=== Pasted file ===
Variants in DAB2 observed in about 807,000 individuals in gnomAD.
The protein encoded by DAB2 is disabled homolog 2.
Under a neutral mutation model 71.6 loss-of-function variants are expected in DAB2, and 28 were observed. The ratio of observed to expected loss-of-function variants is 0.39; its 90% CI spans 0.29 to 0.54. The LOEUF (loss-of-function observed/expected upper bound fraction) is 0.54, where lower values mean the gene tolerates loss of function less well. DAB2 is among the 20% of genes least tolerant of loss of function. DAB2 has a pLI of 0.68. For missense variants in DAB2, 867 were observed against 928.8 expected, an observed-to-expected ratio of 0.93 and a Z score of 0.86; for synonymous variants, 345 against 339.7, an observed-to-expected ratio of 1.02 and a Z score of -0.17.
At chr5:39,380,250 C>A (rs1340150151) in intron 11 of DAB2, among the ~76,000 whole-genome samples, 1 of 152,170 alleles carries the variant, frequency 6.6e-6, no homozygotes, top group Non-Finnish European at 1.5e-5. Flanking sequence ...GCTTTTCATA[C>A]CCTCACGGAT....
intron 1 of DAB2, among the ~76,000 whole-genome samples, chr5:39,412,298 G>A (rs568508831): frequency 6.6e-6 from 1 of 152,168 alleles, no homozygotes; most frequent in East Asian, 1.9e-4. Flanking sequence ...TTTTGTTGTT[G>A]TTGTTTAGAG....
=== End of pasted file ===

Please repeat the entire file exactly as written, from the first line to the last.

Variants in DAB2 observed in about 807,000 individuals in gnomAD.
The protein encoded by DAB2 is disabled homolog 2.
Under a neutral mutation model 71.6 loss-of-function variants are expected in DAB2, and 28 were observed. The ratio of observed to expected loss-of-function variants is 0.39; its 90% CI spans 0.29 to 0.54. The LOEUF (loss-of-function observed/expected upper bound fraction) is 0.54, where lower values mean the gene tolerates loss of function less well. DAB2 is among the 20% of genes least tolerant of loss of function. DAB2 has a pLI of 0.68. For missense variants in DAB2, 867 were observed against 928.8 expected, an observed-to-expected ratio of 0.93 and a Z score of 0.86; for synonymous variants, 345 against 339.7, an observed-to-expected ratio of 1.02 and a Z score of -0.17.
At chr5:39,380,250 C>A (rs1340150151) in intron 11 of DAB2, among the ~76,000 whole-genome samples, 1 of 152,170 alleles carries the variant, frequency 6.6e-6, no homozygotes, top group Non-Finnish European at 1.5e-5. Flanking sequence ...GCTTTTCATA[C>A]CCTCACGGAT....
intron 1 of DAB2, among the ~76,000 whole-genome samples, chr5:39,412,298 G>A (rs568508831): frequency 6.6e-6 from 1 of 152,168 alleles, no homozygotes; most frequent in East Asian, 1.9e-4. Flanking sequence ...TTTTGTTGTT[G>A]TTGTTTAGAG....